Process control in sputtering of optical coatings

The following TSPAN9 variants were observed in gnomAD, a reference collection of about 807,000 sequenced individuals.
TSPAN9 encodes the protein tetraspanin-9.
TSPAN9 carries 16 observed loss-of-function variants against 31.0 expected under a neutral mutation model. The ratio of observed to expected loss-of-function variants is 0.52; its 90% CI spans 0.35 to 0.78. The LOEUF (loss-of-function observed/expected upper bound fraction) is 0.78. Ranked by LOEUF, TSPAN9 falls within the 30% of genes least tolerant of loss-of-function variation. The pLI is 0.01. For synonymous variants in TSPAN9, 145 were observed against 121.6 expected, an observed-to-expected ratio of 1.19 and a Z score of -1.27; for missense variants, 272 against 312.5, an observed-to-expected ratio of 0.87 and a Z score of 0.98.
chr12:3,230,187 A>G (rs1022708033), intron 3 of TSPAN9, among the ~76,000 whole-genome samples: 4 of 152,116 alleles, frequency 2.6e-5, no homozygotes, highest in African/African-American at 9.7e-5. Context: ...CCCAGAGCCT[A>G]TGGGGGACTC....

Reactive pulse magnetron sputtering processes are of increasing interest for the deposition of high-precision optical coatings of high density, low roughness and shift-free environmental stability. SiO2, Si3N4 and silicon oxynitride are attractive coating materials for interference filters produced by sputtering of a silicon target in a precisely controlled reactive gas mixture of oxygen and nitrogen. Reactive co-sputtering of different target materials such as silicon and tantalum in oxygen gas allows depositing SixTayOz layers with a refractive index determined by the power ratio of the two targets. Using nanoscale film growth control both technologies allow to achieve optical filter systems with a defined dependency of refractive index on film thickness. Such so called rugate filters can find application in spectroscopy, laser optics and solar concentrator systems. Furthermore antireflective coatings can be produced cost effective due to the uninterrupted coating process in one deposition step. New developments in reactive pulse magnetron sputtering have significantly improved process stability and reproducibility. The possibility of operating the magnetron system in unipolar, bipolar and pulse packet mode allows adjusting the energetic substrate bombardment in a wide range. This gives new technological degrees of freedom to optimize the deposition process and the film properties. Several aspects of process control are specified in this paper and completed by exemplary optical coatings and their characterization and environmental stability tests results as well.